Robo-deer used to snare deer jackers

On an unseasonably warm November afternoon outside Malone on Sunday, what appeared to be a small six-point buck and a doe stood broadside to a rural dirt road in a privately owned and posted clearing.

All was silent, except for the sounds of chipmunks and squirrels chirping intermittently.

But not for long.

A red Chevy pickup sped past the clearing, then quickly stopped and reversed direction.

The driver looked around, watching the buck's head move from side-to-side - then fired a single .22-caliber hornet round from his truck window, which sat idling on the public road.

Seconds later, two state Environmental Conservation officers drove up to block the roadway, pinning the red Chevy in between them to prevent escape.

DEC officer Mike Phelps, who was operating the robotic decoy deer, sprang from the woods where he was sitting camouflaged in the underbrush, to help in the arrest.

The officers seized the suspect's gun, and place him under arrest.

Phelps stepped back and offered his observations.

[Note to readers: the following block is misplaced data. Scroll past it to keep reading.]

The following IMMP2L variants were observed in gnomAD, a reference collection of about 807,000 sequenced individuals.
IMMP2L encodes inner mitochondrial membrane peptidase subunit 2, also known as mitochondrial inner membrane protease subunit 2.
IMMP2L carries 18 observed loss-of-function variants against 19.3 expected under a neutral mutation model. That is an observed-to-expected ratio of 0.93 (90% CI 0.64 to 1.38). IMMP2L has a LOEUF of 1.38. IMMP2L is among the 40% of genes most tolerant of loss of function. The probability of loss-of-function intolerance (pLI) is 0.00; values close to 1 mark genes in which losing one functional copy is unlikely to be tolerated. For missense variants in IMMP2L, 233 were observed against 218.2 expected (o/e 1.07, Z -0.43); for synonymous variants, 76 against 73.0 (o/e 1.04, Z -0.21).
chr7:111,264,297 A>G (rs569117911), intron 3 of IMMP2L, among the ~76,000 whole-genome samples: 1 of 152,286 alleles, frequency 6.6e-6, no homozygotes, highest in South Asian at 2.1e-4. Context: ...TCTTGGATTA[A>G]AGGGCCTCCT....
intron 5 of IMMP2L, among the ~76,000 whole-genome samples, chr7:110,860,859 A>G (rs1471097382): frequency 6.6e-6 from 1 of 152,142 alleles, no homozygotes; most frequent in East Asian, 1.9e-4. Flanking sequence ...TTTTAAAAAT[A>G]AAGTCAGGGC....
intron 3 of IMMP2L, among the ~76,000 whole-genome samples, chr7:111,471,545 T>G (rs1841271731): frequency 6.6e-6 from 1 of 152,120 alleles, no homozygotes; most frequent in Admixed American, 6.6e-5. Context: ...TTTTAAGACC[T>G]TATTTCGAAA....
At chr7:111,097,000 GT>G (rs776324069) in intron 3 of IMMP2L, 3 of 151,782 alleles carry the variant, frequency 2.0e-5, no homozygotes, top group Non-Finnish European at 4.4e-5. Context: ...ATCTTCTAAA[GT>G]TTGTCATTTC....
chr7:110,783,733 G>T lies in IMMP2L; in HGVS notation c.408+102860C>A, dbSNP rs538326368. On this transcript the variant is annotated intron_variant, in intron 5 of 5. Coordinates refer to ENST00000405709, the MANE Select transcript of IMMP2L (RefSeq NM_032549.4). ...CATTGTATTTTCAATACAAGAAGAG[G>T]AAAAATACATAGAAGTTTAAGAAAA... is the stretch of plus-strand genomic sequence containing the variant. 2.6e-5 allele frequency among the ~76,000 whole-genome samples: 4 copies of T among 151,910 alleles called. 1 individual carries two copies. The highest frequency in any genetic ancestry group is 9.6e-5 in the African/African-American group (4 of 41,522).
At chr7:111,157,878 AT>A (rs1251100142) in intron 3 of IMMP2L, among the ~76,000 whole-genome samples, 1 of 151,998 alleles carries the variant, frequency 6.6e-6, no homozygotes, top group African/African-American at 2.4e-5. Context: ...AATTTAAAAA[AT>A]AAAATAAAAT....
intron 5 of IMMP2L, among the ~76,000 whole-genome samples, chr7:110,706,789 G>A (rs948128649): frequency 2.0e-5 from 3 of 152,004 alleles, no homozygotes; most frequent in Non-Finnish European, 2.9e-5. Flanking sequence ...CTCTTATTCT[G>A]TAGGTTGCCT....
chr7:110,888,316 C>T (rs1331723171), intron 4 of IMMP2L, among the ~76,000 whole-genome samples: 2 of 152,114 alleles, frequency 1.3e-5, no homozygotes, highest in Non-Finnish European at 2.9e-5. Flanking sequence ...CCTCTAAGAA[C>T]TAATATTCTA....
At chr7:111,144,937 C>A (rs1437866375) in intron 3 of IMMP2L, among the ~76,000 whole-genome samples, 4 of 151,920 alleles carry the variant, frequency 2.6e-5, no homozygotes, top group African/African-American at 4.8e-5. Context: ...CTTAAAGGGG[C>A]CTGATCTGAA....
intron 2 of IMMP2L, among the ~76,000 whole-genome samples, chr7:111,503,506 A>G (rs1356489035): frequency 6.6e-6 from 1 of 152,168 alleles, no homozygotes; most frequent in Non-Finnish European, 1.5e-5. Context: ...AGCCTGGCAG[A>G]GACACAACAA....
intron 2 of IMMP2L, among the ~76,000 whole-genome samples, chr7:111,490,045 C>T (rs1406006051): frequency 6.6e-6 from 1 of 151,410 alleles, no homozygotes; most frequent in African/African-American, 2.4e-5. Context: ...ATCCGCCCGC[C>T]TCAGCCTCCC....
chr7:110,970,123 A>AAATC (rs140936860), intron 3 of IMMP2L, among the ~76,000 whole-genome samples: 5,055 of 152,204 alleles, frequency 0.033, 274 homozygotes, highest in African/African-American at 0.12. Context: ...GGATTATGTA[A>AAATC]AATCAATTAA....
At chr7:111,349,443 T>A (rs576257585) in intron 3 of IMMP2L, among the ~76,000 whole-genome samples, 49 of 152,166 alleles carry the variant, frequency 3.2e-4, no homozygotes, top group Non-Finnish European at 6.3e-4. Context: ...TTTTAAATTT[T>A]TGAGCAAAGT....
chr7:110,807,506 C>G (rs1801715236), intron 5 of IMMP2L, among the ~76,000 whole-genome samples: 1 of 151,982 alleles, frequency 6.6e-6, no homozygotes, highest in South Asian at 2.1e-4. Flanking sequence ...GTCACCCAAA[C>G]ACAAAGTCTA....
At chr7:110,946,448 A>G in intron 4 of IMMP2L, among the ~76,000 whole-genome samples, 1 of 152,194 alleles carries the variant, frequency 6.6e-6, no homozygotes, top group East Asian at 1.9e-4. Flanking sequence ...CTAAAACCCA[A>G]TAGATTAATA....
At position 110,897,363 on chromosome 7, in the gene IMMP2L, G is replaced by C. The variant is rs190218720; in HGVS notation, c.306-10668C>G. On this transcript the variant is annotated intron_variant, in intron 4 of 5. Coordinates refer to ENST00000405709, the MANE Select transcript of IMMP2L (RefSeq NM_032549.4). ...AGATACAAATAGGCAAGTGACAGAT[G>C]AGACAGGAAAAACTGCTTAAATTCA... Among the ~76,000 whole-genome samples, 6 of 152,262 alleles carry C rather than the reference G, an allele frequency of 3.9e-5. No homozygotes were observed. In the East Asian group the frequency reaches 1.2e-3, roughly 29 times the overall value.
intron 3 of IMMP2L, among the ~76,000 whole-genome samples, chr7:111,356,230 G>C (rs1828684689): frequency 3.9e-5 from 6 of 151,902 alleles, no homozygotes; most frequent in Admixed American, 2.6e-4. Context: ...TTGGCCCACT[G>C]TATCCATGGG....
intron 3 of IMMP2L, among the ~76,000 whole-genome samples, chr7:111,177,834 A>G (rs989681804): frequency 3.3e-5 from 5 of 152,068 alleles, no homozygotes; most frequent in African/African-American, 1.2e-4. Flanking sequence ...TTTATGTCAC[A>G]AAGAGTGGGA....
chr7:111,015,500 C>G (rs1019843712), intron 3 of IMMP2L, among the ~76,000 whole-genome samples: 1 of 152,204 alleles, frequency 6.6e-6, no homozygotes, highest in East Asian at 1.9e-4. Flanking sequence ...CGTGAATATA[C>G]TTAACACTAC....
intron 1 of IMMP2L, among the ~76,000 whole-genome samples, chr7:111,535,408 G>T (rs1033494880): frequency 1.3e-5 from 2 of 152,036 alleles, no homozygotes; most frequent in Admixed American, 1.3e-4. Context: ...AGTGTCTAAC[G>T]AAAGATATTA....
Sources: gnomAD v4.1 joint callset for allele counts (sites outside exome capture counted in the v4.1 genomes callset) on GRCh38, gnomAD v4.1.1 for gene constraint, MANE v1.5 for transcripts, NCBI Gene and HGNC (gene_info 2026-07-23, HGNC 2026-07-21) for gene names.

"He pulled up and saw the buck and decided it was worth shooting it after he saw it move," Phelps said. "I don't know if he loaded the gun or it was already loaded, but he took a shot from the road at the deer and then he realized he shot something that probably wasn't living."

In New York State, as in most states across the nation, firing a weapon from a public road is a misdemeanor, as is possessing a loaded firearm in a vehicle.

Phelps said the officers charged the suspect with two misdemeanors - discharge of a firearm from a public highway and bearing a loaded firearm in a motor vehicle; plus two violations - one for taking of wildlife from a motor vehicle and one for taking of wildlife from a public highway.

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